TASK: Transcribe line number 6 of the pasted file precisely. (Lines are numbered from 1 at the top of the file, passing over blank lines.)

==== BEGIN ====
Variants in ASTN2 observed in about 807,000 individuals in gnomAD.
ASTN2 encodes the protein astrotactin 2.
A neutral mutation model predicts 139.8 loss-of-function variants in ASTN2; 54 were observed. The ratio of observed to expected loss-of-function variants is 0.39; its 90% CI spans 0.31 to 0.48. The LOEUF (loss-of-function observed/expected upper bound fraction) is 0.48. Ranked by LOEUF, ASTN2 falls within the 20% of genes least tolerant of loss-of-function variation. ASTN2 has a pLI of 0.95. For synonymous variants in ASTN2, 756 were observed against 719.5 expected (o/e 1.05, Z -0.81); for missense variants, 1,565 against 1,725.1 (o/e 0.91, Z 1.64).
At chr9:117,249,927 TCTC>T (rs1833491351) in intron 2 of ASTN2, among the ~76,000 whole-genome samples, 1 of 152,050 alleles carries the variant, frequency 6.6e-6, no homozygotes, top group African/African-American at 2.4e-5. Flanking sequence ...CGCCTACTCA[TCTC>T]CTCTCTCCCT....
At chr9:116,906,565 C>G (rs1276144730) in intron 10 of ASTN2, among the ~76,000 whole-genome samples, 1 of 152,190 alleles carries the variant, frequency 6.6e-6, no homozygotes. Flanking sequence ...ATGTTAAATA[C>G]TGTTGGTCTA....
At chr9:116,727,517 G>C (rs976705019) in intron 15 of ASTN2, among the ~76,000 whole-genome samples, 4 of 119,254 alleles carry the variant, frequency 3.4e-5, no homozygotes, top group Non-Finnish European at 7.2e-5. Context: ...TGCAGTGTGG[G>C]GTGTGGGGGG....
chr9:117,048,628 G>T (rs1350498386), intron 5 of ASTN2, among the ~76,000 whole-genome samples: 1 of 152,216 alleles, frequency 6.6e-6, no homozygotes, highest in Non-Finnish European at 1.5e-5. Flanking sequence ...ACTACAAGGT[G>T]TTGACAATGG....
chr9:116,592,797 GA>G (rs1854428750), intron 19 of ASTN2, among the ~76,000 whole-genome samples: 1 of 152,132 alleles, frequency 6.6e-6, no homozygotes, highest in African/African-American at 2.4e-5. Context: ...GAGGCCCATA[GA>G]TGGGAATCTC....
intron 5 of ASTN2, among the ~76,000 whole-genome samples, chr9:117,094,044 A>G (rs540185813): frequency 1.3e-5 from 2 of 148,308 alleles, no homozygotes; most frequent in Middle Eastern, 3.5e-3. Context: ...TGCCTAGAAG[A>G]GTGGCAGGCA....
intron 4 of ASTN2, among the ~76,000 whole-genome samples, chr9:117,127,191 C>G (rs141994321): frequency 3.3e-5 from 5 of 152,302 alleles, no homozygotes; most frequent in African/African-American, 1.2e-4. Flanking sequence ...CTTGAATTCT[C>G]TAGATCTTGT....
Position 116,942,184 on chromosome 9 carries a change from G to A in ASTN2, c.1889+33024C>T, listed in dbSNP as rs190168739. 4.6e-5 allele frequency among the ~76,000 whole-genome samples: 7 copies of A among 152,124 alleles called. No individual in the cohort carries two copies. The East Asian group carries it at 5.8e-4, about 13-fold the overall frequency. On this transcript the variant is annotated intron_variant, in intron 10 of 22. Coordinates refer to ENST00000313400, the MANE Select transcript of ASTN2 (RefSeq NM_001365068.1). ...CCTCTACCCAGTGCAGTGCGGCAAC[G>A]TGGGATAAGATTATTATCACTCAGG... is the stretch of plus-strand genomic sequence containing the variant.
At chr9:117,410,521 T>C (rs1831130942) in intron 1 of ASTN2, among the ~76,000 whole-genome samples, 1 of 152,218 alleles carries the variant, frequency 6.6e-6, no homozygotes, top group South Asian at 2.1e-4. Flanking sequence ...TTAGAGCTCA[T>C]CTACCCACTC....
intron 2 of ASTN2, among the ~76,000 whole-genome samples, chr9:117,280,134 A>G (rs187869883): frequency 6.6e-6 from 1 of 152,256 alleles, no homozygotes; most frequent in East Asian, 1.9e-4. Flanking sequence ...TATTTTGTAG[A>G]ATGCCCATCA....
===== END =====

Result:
At chr9:116,727,517 G>C (rs976705019) in intron 15 of ASTN2, among the ~76,000 whole-genome samples, 4 of 119,254 alleles carry the variant, frequency 3.4e-5, no homozygotes, top group Non-Finnish European at 7.2e-5. Context: ...TGCAGTGTGG[G>C]GTGTGGGGGG....